The 2nd air source is the control. It is piped from the pilot unloader valve through a small regulator and into the control port on the air/spring control valve. If this compressor had an engine mounted on it, this is the same signal line that usually works the engine throttle to idle the engine when the pump unloads. The regulator in this line is dual purpose, as it can be used to disable the arm function to provide continuous pump run operation by turning the output pressure down to 0, and knocks the tank pressure signal down from 170 to something in the valves control port rated operating range of 45-150 psi when in clutch mode. I usually use 60 psi.

Clutch operation is as follows: when the tank pressure reaches 170 psi, the pilot unloader valve trips, supplying tank pressure air to the compressor unloaders and also to the control pipe. The control valve is flipped by the presence of air pressure on its port, and reverses the supply and exhaust to the opposite sides of the cylinder causing it to extend, and the belts get loose and the pump stops. Once the tank pressure drops down below 140 psi the pilot unloader valve resets, the control air pressure drops to 0, and the compressor unloaders are set to load (except on this compressor they won't load without lube oil pressure present in the pump as well), and the spring returns the control valve to its normal state, retracting the cylinder and tightening the belts and starting the pump.

The clutch can be manually actuated by the flip tab on the pilot unloader valve for starting with air already in the tank or to prevent the compressor from starting automatically while leaving the engine running. When starting with little or no air in the tank, the clutch remains engaged, even with the flip tab set on the pilot unloader. This is because the control valve will not overcome the spring pressure in the control valve until the tank reaches about 20 psi. This hasn't been an issue for starting as the compressor isn't pumping against any tank pressure, and the unloaders will start to work when air begins building.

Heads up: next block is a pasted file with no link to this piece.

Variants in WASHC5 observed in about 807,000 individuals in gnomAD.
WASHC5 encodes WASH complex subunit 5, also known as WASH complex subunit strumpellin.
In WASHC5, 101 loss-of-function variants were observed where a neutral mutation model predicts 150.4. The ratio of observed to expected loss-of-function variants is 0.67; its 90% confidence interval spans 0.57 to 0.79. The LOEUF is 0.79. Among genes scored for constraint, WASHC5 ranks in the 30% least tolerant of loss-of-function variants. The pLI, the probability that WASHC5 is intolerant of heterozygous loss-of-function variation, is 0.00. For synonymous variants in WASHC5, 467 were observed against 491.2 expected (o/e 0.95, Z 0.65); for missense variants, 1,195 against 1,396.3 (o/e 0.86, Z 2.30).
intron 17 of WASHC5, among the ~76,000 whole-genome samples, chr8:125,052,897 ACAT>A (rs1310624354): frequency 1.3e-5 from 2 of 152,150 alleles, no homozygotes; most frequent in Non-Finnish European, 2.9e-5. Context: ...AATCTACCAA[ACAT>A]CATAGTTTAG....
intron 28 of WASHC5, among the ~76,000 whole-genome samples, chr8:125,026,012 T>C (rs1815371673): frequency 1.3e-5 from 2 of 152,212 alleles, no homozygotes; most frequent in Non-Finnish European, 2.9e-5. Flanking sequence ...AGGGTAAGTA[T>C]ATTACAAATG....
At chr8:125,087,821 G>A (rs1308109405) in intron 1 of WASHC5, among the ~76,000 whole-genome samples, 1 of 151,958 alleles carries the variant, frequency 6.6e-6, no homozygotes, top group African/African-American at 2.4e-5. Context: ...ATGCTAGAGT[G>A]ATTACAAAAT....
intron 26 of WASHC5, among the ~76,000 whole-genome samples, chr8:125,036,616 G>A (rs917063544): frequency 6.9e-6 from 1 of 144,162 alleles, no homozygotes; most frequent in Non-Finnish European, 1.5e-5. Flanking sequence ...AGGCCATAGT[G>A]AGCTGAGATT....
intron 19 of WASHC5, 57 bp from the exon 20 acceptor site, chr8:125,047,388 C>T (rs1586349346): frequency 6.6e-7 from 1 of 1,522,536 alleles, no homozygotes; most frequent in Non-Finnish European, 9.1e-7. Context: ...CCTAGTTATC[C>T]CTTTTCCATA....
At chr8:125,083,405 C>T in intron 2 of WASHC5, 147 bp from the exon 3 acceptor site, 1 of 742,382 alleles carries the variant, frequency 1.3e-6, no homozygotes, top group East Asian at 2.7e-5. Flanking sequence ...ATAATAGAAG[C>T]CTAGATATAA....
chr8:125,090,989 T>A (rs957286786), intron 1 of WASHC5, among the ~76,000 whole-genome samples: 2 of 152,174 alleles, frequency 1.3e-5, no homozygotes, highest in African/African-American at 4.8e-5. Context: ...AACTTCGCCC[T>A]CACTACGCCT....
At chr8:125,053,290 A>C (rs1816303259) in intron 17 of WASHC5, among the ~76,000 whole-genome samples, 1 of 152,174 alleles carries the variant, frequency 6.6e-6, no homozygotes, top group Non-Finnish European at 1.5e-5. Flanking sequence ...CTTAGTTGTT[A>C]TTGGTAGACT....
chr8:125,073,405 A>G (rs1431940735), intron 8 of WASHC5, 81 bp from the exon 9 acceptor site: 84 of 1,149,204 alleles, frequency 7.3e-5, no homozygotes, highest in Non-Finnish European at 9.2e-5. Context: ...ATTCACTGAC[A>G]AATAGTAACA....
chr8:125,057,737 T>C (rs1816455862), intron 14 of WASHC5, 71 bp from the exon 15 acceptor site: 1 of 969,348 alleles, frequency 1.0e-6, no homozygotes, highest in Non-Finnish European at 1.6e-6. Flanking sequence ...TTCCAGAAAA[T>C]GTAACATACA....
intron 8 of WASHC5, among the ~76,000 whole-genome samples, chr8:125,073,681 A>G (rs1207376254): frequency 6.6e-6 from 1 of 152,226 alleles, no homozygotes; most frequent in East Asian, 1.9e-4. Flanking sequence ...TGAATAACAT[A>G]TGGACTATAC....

glort

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Re: Project Roid
« Reply #39 on: February 09, 2018, 03:40:37 AM »

Sounds like a well thought out and executed system!

BruceM

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Re: Project Roid
« Reply #40 on: February 09, 2018, 10:15:16 PM »
Thanks for the good details on your pneumatics, 2ton46.  Using the pilot valve for controlling the cylinder is a nice straightforward all pneumatic design.   Sometimes I need a break from electronics and making a version of your clutch would be a good mechanical & pneumatic project.

I didin't recognize that big cylinder as pneumatic, since all my actuators are little round stainless Bimba types.


2Ton46

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Re: Project Roid
« Reply #41 on: February 22, 2018, 02:57:24 AM »
Glort, I've tried to not be a total goon in getting it setup, but I'm probably there anyhow.  At least in the case of the compressor, remounting an engine would only be 4 bolts and two air lines...

BruceM, No problem, hopefully they prove useful for someone's project. Semi-functional yard art anyhow.

I found a few different springs to use up on the pumps to take the slack from the linkage but are about half as strong as the ones I had on there before.  This has helped the sluggish governor quite a bit.  Its not yet perfect, but it is what I would consider reasonable now.  Might not yet be great if I was operating a generator though, I have got about a 75 rpm drop that recovers to about a 45 rpm drop at the engine within a few seconds when the compressor cycles. I do believe there would be a better combination of springs than what I have, might even be able to stretch out the ones I have to reduce their force a bit but still accomplish the goal of taking out the linkage slop. Never figured finding springs would be as difficult as it has turned out to be (at least ones I can handle before purchase).